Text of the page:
The Battle of the Villa Fiorita by Rumer Godden

The Battle of the Villa Fiorita cover

The Battle of the Villa Fiorita by Rumer Godden was first published in 1963 and I have to admit that although I really enjoyed this book it does seem very dated now. In fact I suspect that the book seems quite unbelievable to younger readers.

The story begins with two children who have made their way to Italy on their own. Their parents are newly divorced and the father who is a Queen’s Messenger – some sort of diplomat I think – has got custody of the three children who are aged between almost 12 and 16. The 16 year old girl is off on holiday in France when her younger siblings decide to track their mother down to take her back to the family home and their father, they just can’t accept that she won’t be living with them any more.

The mother (Fanny) was quite an ordinary woman, not the sort to wear make-up, perfume or fancy clothes and she was seen by her so-called friends in the village as rather drab and uninteresting. When some film-makers appear in the village to make a film it’s Fanny that the director is drawn to and given that Fanny’s children are away at boarding school and her husband is often away from home for work purposes, it’s inevitable that she’s very flattered by his attention, which of course leads to the divorce and the children’s attempts to get her back.

It’s a piece of social history now as the mother almost always gets custody of the children in divorce cases but back in the 1960s a woman who chose to leave her husband for her lover was deemed to be an unfit person to bring up children – how times have changed!

Quite a few women around the internet seem to be quite angry about this book probably because they just can’t get their heads around the fact that the mother doesn’t get custody, but she did abandon them and her unobjectionable husband for a bloke she hardly knew.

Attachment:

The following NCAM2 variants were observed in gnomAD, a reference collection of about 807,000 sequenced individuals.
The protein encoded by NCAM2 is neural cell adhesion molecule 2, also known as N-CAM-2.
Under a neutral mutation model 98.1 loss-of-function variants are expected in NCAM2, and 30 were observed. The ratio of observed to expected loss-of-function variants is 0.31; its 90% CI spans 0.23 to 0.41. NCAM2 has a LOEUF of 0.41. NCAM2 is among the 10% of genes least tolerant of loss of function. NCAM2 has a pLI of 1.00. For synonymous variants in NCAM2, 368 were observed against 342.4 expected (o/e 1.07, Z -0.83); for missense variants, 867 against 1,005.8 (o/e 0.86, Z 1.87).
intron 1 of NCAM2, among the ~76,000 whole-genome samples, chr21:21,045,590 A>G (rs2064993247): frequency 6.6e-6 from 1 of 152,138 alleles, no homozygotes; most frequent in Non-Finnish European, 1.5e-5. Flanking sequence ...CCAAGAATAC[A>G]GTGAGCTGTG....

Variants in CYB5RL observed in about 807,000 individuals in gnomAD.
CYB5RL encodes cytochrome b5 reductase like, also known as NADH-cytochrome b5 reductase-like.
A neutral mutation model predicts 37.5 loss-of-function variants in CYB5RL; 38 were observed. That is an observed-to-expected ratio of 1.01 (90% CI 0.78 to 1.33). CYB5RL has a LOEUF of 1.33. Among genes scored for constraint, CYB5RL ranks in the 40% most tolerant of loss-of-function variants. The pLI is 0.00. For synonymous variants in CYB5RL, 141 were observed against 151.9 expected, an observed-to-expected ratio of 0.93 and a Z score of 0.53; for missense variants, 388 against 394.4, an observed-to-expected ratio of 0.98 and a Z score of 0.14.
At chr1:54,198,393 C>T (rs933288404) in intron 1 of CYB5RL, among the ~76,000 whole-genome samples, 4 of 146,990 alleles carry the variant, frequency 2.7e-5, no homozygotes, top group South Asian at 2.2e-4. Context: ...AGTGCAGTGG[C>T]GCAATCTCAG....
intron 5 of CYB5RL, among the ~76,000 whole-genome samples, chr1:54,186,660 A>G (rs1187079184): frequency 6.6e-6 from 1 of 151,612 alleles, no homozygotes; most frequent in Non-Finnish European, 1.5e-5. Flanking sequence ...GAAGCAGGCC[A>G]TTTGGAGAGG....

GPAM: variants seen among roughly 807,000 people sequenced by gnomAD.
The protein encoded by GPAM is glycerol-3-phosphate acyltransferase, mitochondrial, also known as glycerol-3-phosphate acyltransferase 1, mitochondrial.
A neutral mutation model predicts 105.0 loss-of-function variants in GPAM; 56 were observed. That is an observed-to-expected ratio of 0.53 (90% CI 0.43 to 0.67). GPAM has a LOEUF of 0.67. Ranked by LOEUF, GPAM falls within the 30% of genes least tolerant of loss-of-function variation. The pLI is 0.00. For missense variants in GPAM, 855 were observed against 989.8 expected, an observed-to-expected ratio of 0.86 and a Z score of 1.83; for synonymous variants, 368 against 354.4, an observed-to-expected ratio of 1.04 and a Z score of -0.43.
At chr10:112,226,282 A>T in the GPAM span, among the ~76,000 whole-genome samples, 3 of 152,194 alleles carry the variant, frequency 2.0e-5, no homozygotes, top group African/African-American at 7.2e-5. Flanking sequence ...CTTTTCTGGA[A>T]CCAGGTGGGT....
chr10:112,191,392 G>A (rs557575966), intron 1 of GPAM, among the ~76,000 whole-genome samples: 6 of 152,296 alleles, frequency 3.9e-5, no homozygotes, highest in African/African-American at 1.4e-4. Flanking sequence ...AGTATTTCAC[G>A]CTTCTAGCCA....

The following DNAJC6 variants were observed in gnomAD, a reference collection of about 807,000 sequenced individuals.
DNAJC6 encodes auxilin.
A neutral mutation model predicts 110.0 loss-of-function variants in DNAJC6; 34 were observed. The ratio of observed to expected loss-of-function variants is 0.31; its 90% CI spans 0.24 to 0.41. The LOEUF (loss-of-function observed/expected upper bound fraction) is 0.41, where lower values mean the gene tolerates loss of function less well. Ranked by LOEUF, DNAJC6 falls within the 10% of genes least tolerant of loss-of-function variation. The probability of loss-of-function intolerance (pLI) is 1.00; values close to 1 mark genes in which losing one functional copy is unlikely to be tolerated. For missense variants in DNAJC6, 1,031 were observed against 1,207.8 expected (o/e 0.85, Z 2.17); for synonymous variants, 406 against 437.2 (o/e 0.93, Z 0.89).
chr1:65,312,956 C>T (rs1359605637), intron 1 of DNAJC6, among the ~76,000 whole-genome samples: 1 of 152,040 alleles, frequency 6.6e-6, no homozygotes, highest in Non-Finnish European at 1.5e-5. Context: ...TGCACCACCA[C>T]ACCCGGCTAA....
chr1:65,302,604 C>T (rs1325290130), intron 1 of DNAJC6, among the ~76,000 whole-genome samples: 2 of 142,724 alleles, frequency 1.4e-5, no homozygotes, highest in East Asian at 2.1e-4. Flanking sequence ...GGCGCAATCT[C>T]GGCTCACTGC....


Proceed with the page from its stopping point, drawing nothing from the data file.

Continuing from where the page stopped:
This is a good read but not my favourite by Rumer Godden.

4 thoughts on “The Battle of the Villa Fiorita by Rumer Godden

    • tracybham,
      It’s amazing how attitudes have changed since the book was written, for the better I suppose, if you were stuck in an unhappy marriage. The book is well written though.

  1. Hi Katrina,
    I’m very interested that you said the novel was rather dated but you “really enjoyed” it. I notice this dichotomy in myself at times. I find I note to others that a book is dated, just so they’ll be cautioned, but often this fact does not interfere with my enjoyment as long as the book is very well-written.
    So, this one is not your favorite novel by Rumer. Now I need to ask, which is (are) your favorites? I so want to read her books, but borrowing them from the library is difficult. So many have been “discarded.”
    I think I remember your saying that you liked In This House of Brede.
    Best wishes,

    • Judith,
      I remember that I really did enjoy In This House of Brede, but it was around 1975 when I read it, so I have no idea what I would think of it now. I don’t even have a copy of it but if I get one I will give it a re-read.

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